ACCUSED OF MAKING CRIMINAL THREATS IN NORTHERN CALIFORNIA?
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If you are charged under Penal Code 422 with making criminal threats, the prosecution must prove the following elements of the crime beyond reasonable doubt:
- that you willfully threatened to unlawfully kill or unlawfully cause great bodily injury to the alleged victim, or someone in their immediate family;
- that you made the threat orally, in writing, or by an electronic communication device;
- that you intended that your statement be understood as a threat (and intended that it be communicated to the alleged victim);
- that the threat was so clear, immediate, unconditional, and speciﬁc that it communicated to the alleged victim a serious intention and the immediate prospect that the threat would be carried out;
- that the threat actually caused the alleged victim to be in sustained fear for their own safety, or for the safety of their immediate family; and
- the alleged victim’s fear was reasonable under the circumstances.
Willfully threatened to unlawfully kill or cause great bodily injury
To establish this element of the offense, the Prosecutor must prove that a certain kind of threat was intentionally made by the defendant – that is, a threat to kill or cause great bodily injury to the alleged victim. ‘Great bodily injury’ means “signiﬁcant or substantial physical injury” and it must be more than just a minor, or even moderate, amount of harm. For example, threatening to push someone off a chair might not be considered a serious enough threat to establish this element, because it is not really a threat of causing great bodily injury.
Made the threat orally, or in writing, or by an electronic communication device
This element really catches all of the ways in which someone would usually make a threat. However, the Prosecution must prove that the threat was made by one of these means – so, by speaking to the alleged victim, calling them, texting or emailing them, or similar.
Intended the statement to be understood as a threat, and communicated to the alleged victim
This element refers to the defendant’s state of mind – the Prosecutor must prove that, at the time of making the threat, the defendant really did mean to make a threat. So, for example, if the defendant was not serious – even if they were making a joke that was in very poor taste, or otherwise inappropriate – then they could not be found guilty.
Further, the Prosecutor must prove that the defendant intended the threat to be communicated to the alleged victim. If the defendant never intended for the alleged victim to see or hear the threat, then the prosecution could not prove this element. For example, consider a man who creates a private Facebook group that he invites only a few of his friends to join. In that group, he posts photos of his ex-girlfriend and writes posts that include threats to harm her. If the girlfriend is shown one of those posts by one of the members of the group, she might very well be upset – but the ex-boyfriend would probably not be guilty of this offense, because he never intended for his ex-girlfriend to see the posts or learn of the threats at all.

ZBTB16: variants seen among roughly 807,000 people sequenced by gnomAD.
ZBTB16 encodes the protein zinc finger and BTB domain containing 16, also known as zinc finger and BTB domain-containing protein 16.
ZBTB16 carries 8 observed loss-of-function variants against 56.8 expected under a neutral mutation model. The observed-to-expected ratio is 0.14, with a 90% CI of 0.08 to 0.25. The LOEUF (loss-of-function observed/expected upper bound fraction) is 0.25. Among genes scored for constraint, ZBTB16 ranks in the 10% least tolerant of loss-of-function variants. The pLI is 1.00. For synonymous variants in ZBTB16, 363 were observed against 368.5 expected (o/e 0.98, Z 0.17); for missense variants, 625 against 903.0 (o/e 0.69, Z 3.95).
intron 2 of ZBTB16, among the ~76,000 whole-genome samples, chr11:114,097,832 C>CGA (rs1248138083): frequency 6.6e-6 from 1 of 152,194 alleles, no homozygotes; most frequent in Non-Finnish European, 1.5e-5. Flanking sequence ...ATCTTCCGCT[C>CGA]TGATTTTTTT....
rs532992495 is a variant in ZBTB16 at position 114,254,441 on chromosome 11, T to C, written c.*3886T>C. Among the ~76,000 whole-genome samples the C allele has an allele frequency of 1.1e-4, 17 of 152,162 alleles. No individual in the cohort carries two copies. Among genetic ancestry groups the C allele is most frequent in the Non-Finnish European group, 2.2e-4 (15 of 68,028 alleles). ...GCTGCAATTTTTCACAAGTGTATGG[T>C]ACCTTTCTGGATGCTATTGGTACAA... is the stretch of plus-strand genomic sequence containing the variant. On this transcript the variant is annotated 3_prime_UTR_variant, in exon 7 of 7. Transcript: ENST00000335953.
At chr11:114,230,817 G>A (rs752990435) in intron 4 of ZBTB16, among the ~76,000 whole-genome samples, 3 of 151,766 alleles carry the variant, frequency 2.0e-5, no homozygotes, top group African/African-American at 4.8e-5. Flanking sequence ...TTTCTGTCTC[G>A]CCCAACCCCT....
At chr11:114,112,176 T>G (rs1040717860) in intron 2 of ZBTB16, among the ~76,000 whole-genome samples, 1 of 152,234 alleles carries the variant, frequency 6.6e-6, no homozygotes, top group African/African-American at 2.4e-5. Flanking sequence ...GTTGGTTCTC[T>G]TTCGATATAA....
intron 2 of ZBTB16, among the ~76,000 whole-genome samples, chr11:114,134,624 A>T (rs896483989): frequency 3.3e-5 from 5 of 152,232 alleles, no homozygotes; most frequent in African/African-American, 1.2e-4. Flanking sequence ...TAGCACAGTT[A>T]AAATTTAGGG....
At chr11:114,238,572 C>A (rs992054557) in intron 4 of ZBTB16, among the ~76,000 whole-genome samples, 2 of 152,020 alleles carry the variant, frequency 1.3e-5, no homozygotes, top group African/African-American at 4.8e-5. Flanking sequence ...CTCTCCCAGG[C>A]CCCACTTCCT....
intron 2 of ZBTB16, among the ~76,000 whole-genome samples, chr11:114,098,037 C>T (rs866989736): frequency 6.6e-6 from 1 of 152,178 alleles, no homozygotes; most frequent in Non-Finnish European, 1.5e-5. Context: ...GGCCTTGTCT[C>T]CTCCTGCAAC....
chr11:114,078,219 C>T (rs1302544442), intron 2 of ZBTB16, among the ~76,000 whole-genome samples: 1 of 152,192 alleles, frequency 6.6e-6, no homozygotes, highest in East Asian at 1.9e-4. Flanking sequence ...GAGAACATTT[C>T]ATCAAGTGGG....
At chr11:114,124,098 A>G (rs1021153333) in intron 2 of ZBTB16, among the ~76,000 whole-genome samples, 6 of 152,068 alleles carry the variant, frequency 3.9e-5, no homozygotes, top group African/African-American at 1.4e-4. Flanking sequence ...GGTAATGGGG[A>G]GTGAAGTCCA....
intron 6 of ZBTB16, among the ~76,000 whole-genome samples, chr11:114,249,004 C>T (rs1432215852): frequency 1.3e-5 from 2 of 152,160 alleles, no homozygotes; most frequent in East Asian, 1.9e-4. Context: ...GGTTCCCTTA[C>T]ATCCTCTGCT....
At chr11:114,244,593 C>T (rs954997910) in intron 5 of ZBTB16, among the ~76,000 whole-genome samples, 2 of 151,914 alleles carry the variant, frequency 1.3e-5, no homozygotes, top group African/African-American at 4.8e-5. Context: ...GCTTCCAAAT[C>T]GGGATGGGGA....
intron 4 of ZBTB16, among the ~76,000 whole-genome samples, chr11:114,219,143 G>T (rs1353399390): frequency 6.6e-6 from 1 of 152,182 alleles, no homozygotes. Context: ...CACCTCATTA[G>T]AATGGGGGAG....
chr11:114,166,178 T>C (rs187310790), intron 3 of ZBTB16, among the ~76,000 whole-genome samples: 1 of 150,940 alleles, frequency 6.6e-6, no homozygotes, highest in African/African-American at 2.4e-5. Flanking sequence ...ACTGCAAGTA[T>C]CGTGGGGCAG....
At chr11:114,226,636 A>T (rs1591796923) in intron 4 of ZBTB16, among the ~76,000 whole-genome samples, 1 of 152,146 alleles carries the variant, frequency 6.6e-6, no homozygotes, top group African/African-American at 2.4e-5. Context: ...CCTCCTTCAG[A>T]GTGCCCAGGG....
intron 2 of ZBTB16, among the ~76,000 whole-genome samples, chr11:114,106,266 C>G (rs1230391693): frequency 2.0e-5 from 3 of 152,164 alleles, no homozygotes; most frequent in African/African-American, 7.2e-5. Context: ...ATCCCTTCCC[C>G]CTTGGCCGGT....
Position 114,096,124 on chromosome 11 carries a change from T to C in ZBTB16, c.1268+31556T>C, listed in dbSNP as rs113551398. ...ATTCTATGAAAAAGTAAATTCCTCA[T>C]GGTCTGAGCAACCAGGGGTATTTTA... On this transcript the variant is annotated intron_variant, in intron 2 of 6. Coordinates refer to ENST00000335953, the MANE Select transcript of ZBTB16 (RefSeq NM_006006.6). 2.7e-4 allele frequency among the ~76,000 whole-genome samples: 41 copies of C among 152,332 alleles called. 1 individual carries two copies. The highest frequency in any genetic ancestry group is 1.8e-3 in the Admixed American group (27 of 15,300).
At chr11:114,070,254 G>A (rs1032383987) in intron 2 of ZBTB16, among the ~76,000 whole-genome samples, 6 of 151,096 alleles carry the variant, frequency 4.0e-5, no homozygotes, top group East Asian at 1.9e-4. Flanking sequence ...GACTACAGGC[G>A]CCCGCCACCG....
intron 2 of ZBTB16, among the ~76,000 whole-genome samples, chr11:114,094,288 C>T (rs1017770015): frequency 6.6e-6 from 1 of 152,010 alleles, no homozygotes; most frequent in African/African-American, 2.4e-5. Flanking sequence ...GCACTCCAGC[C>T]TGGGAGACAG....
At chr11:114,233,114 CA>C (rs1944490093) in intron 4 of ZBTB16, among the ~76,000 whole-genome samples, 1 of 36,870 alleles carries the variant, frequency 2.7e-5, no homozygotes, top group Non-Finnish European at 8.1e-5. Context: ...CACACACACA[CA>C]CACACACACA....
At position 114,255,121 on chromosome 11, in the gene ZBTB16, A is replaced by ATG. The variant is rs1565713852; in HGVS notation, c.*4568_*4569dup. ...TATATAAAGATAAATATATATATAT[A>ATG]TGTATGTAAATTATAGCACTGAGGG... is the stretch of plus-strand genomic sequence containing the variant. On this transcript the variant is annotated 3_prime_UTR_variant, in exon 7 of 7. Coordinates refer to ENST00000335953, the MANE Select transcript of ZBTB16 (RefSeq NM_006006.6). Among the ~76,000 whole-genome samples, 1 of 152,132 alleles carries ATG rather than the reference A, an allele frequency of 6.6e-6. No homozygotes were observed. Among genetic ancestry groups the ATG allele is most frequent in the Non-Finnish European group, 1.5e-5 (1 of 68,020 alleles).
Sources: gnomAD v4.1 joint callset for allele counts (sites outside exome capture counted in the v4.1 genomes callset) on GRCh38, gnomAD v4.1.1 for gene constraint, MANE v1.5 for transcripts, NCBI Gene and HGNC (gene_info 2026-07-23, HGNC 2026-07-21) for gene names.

Threat was clear, immediate, unconditional, and speciﬁc, to the alleged victim a serious intention and the immediate prospect that it would be carried out
It is not enough for the Prosecutor to prove that some kind of vague threat was made – for example, “one day I’m going to kill you!” Rather, the threat must meet all the requirements set out in this element of the offense.
When deciding if a threat does fulfill all of these requirements, the words as well as all of the surrounding circumstances are important to consider. For example, imagine a threat made to stab someone – if the person says that over the phone, in the heat of an argument, and they are interstate at the time, then the threat might not be considered immediate and specific enough to meet these requirements. However, if the threat to stab someone is made by someone who is holding a knife at the time, and in the presence of the alleged victim, then it would likely meet the requirements.
Threat actually caused sustained fear
The Prosecutor must prove that the threat really did make the alleged victim afraid, and afraid for more than a moment. It is not enough that the alleged victim is momentarily shocked or upset by what the defendant says – they must really be afraid, in a sustained manner, that the defendant will carry out the threat on them or someone in their immediate family.
Fear was reasonable in the circumstances
Again, this element requires a consideration of all of the circumstances surrounding the threat. The position of the alleged victim must be considered, and a determination made about whether their state of fear was reasonable. Consider the above example of someone making a threat from interstate, over the phone – if someone is many miles away at the time a threat is made, and there is no real prospect of them travelling any closer to the alleged victim, then it might be unreasonable to be really afraid of them.